Friday, October 15, 2010

He loves me... He loves me not?

     During this time of the year, the superstitious people come out of the woodwork, and the Irish are no strangers to folklore.  One myth is that the soul of the last buried in the churchyard, must watch over all until another soul enters in, indentured to carry water to those souls waiting in Purgatory, another is when approaching a funeral you must turn back and walk at least four steps with the mourners.  Children born at night were gifted with seeing the fairies, spirits and wee folk, and during the magical time of Hallow e'en people avoided taking short cuts in fear of the spirits or wee folk leading them astray.
     Hallow e'en for the Irish was a time of divination, the completion of the year's harvest, and the remembrance for the dearly departed kinfolk. Even the poorest of households prepared something special for the night.  Oddly enough, what we know as Cabbage Night, has roots in Ireland.  Cabbage was tossed against neighbors door on Hallow e'en to give them a fright.
     Matchmaking was among the favorite pastimes of the Irish.  Special foods were prepared for such an occasion.  Colcannon and Barm Brack were used as divination tools to the future of young women and men.  The word Barm comes from and Old English word , beorma,  meaning yeasty fermented liquid.  It is said that this bread was made with the yeast skimmed off of the top of fermenting beer, and Brack from the Irish word brac  meaning speckled.  Barm Brack is a yeasty bread speckled with dried fruit, and was a tool of fortune telling and divination.  A real party starter in my book!!!  Various objects were hidden and baked in the bread. If the guest had a bean it meant poverty. If the slice contained a button you were destined to bachelorhood. A thimble, the woman would be a spinster. A coin you would attain great wealth and the most prized token of all was the gold ring, which meant marriage, the greatest of all the tokens. Spending your life with your beloved was the far greatest treasure to attain.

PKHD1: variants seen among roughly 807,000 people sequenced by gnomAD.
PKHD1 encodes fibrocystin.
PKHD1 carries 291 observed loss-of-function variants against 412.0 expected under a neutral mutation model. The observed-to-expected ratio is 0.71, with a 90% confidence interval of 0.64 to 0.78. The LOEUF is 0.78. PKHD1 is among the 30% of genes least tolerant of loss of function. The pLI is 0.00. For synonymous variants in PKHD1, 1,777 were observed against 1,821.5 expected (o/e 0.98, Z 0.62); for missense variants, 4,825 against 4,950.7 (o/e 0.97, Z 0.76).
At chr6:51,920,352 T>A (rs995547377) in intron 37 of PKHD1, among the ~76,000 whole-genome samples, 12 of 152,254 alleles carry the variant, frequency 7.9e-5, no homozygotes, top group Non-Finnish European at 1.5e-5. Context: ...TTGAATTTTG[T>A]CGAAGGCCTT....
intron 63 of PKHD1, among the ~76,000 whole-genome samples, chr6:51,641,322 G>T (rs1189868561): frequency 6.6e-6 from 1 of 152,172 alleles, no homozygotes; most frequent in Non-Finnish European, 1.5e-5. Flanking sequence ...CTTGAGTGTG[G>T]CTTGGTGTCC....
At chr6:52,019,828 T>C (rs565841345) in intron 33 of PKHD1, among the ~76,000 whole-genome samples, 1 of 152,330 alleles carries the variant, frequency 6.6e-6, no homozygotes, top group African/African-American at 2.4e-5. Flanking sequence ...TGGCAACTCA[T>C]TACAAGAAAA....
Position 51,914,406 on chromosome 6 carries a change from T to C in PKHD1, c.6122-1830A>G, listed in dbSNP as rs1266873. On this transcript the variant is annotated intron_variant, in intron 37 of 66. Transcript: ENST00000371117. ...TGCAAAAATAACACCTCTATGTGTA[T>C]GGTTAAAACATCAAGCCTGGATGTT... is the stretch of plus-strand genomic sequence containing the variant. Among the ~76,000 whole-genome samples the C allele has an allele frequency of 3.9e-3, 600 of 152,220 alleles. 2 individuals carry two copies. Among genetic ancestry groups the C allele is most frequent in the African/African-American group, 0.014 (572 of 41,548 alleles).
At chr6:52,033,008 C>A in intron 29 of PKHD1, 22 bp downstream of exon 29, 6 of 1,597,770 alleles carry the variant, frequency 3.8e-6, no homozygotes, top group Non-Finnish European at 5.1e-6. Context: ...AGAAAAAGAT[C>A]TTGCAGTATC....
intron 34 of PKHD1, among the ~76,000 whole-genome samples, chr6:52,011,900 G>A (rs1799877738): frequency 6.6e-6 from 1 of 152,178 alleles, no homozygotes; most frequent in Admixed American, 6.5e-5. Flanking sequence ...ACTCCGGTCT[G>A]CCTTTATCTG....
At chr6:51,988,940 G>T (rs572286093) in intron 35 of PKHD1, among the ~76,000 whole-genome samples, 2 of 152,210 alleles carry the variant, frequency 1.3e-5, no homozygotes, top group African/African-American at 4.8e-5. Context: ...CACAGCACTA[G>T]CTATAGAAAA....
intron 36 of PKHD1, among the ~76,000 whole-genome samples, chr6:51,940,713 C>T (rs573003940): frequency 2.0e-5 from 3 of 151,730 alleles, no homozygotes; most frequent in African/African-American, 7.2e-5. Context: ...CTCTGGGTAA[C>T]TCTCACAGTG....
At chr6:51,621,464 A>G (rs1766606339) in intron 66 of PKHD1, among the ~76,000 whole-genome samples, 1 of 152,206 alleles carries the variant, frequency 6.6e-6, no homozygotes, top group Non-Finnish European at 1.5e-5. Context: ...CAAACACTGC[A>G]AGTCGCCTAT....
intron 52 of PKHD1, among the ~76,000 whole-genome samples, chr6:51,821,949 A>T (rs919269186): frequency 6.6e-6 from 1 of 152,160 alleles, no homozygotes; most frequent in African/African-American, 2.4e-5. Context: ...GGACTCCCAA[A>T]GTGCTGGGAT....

Barm Brack

1# mixed dried fruit( raisins, golden raisins, sultanas)
1 strong pot of Irish tea (constant comment works great)
1/2 cup room temperature  milk
1 tsp sugar
1 tsp active dry yeast
2 cups all-purpose flour
1 tsp mixed spice( mixed spice is the US version of cinnamon,cloves, nutmeg, allspice and mace)
1 egg, beaten
3 tablespoons butter(Cabot)
2 tablespoons sugar

Soak the fruit in the tea over night. Combine the yeast, sugar and milk and allow to form bubbles(activating the yeast), sift the flour, with the remaining sugar, spices and cut in the butter with a pastry cutter. Make a well in the center and add your activated yeast and the beaten egg, and mix until a soft dough forms.  Knead in the fruit until well incorporated.  Place the dough in a well greased bowl and let rise for an hour.  Knead again lightly and form into loaf pans and let rise an additional 30 minutes. Brush with egg wash and sprinkle with pearl sugar and bake at 400F  for 35 to 45 minutes or until when tapped it will sound hollow.  Serve with butter and wonderful hot herbal tea.

Perpetual devotion to what a man calls his business, is only to be sustained by perpetual neglect of many other things. ~Robert Louis Stevenson(1850 to 1894)


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